de Havilland DH106 Comet 1A

To see information about the restoration of the Comet 1a Cockpit Restoration click here

Aircraft Overview:

The de Havilland DH106 ‘Comet’ was the World’s first turbojet-powered airliner, designed and built at Hatfield and first flown by John Cunningham in 1949. Turbojets offered new standards:

  • High speed,
  • Low vibration (no reciprocating pistons)
  • High altitude flight (above most weather) and
  • Safety (low-flammability kerosene fuels)


The Comet was revolutionary:

  • of exceptionally clean design
  • 20 degree swept wings mounted low for the structure to pass below the pressure cabin,
  • four engines buried in bulged wing roots,
  • smooth nose with an unstopped windscreen (tested on a Horsa glider),
  • integral wing fuel tanks,
  • power assisted flying controls,
  • cabin pressurisation using engine bleed air, and
  • a tricycle undercarriage.

The Comet 1 and 1A (with higher thrust engines, higher all-up weight) could carry 36 to 44 passengers, 4 abreast. Cruise altitude was up to 40,000 ft with a cabin pressure equivalent to 8,000 ft, requiring pressurisation far greater than on any previous airliner. The Comet 1 entered service with BOAC in 1952, but in 1954 the Comets were grounded for a prolonged accident investigation after unexplained enroute disappearances, alter ascribed to catastrophic fatigue failure of the pressure cabin. Some success returned later, with the stretched Comet 4 series having a fully redesigned fuselage structure, and the RAF’s Nimrod maritime patrol derivative.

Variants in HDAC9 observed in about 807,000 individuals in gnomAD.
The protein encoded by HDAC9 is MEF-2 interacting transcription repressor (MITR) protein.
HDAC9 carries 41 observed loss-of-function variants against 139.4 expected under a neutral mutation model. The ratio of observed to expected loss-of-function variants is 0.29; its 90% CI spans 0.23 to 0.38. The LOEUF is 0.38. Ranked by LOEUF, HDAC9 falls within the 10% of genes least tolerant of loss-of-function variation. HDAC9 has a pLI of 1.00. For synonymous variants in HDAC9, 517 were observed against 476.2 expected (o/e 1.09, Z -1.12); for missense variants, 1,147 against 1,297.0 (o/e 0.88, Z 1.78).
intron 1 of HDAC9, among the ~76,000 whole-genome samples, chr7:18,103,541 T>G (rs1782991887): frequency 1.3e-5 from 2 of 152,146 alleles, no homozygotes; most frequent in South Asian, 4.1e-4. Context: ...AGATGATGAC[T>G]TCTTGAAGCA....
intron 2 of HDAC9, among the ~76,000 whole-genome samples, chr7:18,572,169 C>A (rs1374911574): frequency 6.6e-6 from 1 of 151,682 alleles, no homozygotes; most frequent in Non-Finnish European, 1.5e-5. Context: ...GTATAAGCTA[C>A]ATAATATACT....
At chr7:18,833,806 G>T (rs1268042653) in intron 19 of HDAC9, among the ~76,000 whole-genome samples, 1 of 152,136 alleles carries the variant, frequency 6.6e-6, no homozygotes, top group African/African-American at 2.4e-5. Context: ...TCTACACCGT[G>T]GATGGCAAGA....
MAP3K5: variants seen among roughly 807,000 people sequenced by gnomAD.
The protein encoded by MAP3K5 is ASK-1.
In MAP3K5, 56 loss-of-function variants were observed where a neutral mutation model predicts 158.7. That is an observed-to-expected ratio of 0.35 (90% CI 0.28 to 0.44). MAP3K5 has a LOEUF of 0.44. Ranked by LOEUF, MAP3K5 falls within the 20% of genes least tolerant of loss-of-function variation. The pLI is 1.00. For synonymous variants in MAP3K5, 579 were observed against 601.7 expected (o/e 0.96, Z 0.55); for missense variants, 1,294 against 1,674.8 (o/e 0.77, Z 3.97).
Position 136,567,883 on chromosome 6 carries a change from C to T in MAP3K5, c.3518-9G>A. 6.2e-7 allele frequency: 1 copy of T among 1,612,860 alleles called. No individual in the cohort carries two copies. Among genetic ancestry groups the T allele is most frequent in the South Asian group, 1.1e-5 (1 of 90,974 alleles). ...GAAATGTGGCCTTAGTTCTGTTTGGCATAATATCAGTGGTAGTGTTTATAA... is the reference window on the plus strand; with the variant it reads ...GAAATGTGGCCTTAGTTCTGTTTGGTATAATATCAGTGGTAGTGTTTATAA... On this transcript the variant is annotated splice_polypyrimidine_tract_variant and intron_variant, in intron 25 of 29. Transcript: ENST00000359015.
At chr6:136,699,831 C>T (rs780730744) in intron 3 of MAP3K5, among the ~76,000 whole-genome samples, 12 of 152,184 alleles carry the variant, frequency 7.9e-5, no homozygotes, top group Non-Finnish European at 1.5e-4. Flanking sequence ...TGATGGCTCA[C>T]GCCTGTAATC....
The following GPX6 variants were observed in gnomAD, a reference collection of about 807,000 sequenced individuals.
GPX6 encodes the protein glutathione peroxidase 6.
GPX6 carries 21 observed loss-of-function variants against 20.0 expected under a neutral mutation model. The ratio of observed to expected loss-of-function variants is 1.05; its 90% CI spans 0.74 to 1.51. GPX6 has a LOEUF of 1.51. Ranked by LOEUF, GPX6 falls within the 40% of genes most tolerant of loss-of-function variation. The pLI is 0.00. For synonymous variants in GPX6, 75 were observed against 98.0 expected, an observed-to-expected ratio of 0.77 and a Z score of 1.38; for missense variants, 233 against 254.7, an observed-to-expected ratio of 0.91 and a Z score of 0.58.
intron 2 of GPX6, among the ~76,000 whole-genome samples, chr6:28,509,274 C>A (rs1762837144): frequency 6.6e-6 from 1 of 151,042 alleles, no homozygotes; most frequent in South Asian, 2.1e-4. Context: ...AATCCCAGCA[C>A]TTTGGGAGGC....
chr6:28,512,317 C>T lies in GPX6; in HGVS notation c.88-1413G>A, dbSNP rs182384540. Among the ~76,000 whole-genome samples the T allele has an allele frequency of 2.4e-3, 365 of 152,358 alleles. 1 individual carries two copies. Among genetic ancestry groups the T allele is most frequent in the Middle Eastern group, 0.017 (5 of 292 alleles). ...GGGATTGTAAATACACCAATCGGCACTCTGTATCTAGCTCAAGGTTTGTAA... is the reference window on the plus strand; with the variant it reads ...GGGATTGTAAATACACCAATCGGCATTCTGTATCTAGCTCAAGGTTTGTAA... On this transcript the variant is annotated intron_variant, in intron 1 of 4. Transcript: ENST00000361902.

Aircraft Specifications:

Power Unit: Four 5,000 lb.s.t. de Havilland Ghost 50 Mk.2 turbojets

Wing Span: 115 ft (35 m)

All-up Weight (A.U.W): 115,000 lb (52,164 kg)

Cruise Speed: 475 mph (764 kph)

Cruise Altitude: 40,000 ft (12,192 m)

Range: 1750 miles (2,816 km)

Passengers: 36 to 44

On Display at the Museum:

The Museum’s exhibit is the fuselage of the first of three Comet 1A airliners built at Hatfield in 1953 for Air France. It was re-assigned to RAE Farnborough as back-up fuselage for water-tank pressure testing, but not used. It was acquired by the Museum in 1985.

DH106 Comet simulator at The de Havilland Museum, London Colney, UK. #DH106 #comet #deHavilland #museum #theta360 – Spherical Image – RICOH THETA